Pro bono also lets you work with teams that are aligned by seniority a little bit differently than other types of teams. So where in Palo Alto, I normally just work with a partner, in pro bono, I can work with someone that's just a little bit more senior to me, just a couple more years, enough to know that they are definitely a better attorney than I am, but they're also close enough to really understand what my day-to-day is, what my capabilities are, and really push my work product in ways that are different.
I found that to be a huge benefit of being on a pro bono team. It also allows you to sort of build competence and a reputation for areas where there might not be a lot of billable work. We, for example, don't get a lot of work in the 170 space. So 170 is a provision that governs charitable deductions. Through working in pro bono, you can get familiar with those types of rules that do come up every once in a while on the commercial side, but not frequently enough for you to build a reputation around that. Chapter 42 might be another example. We may get a good amount of pro bono, private foundation work, but a little bit less on the billable side. Doing pro bono lets you build an internal reputation for excellence in that space so that when the billable opportunities do come around, your name is the first to pop up.
David Farhat (10:15):
No, that's absolutely awesome. I like to kind of talk about the two sides of it, right? While people think of pro bono as giving. There's a lot of opportunities in there to better yourself as an attorney. Like you said, you being able to bite off a lot of lot more than you could chew. You may not be able to be the one in court on the big billion dollar deal, as you described, but you can get that experience doing pro bono and things like that. As we were working up the prep for this, you were talking about some of the other experiences outside of just the tax practice that you've had an opportunity to take part in doing pro bono. Can you tell us about some of those?
Katy Stone (10:50):
Absolutely. As a first year, I had the opportunity to work on a winding down of a charitable entity. It was a Delaware corp, and we were tapped. The Palo Alto office was tapped for the opportunity because of a climate change nexus, and we have a tax partner in the office that does a lot of work related to climate change and energy. So we helped transfer a valuable asset that this charity held from the charity to another charity. It was going to a university where the inventor thought that it could be better utilized. And I got to learn a lot about Delaware law, about corporate governance and all sorts of issues that I normally wouldn't get to practice in. I got to have a hand in drafting the board resolutions for the final board meeting where the group would vote on winding town the entity, and I got to act as secretary during the board meeting and draft those minutes.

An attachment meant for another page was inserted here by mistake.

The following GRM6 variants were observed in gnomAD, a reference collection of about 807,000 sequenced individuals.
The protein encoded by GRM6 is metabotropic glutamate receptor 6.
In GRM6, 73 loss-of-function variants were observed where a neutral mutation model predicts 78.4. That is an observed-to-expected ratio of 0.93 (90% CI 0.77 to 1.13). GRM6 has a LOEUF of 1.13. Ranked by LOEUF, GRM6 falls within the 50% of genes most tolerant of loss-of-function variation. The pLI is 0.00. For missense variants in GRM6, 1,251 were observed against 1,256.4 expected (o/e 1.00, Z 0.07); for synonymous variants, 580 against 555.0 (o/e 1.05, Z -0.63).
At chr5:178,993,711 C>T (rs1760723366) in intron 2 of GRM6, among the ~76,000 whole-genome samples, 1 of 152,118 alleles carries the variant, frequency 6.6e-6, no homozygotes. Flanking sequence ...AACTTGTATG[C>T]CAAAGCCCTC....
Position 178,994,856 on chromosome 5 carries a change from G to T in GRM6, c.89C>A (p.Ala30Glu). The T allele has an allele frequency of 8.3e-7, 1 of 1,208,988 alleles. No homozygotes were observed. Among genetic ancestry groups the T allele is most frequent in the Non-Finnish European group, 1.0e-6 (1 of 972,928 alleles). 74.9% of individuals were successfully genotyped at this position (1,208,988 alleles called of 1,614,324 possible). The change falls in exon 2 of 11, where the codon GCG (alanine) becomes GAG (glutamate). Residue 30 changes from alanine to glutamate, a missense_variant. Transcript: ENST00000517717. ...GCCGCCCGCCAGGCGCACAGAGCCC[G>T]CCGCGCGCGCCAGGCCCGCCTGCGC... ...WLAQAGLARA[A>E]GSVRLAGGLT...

Obviously, we work for corporations that have to do this type of work. My corporate colleagues, my peers in corporate group get to do this kind of stuff. But as a tax associate, I wouldn't be assigned to do something like this. So it was a neat opportunity to learn a different skillset and understand a little bit better what some of my peers in other groups are doing more routinely. Another example is that I got to work, also in my first year, on an embezzlement case. We represented a charity that had been the victim of an embezzlement and was getting close to the time where they would have to file their annual return, the IRS form 990, and we believed that there was an obligation for them to report something about this embezzlement in that return.
And tax was driving the timing here. We had to get a handle on what had happened, the facts of the case. We were working with forensic accountants, working with the white collar group at Skadden that was representing the entity on the criminal investigation side, and we had sort of the project management seat as the tax group on that matter, which is not normally where tax sits in a representation, but got to work to coordinate these different moving pieces and help the company to get comfortable around what would ultimately be disclosed to the public around what had happened.
Nate Carden (13:09):
So for people out there that are listening and are excited about this but don't know where to go, how do you find this stuff, the offers in compromise, and folks that are getting nasty letters from the IRS and don't know how to deal with them? What do you do?
Katy Stone (13:25):
For us in the Palo Alto office, we do have that partnership with the Low Income Taxpayer Clinic in San Francisco. Those clinics exist all over the country. They're funded in part by the IRS, and they push out work to tax attorneys that want to take on pro bono. That's one opportunity. Within Skadden, we have an excellent pro bono professional staff team that does a lot of promotion of opportunities internally. You could possibly go to the bar, I'm not sure. The LITC that we engage with does work directly with the bar. That may be a separate source in some areas. The IRS also runs the VITA program. I know we have some attorneys in the Palo Alto office of Skadden. There's also partnerships with different law schools where the IRS itself operates clinics to help taxpayers with filing names.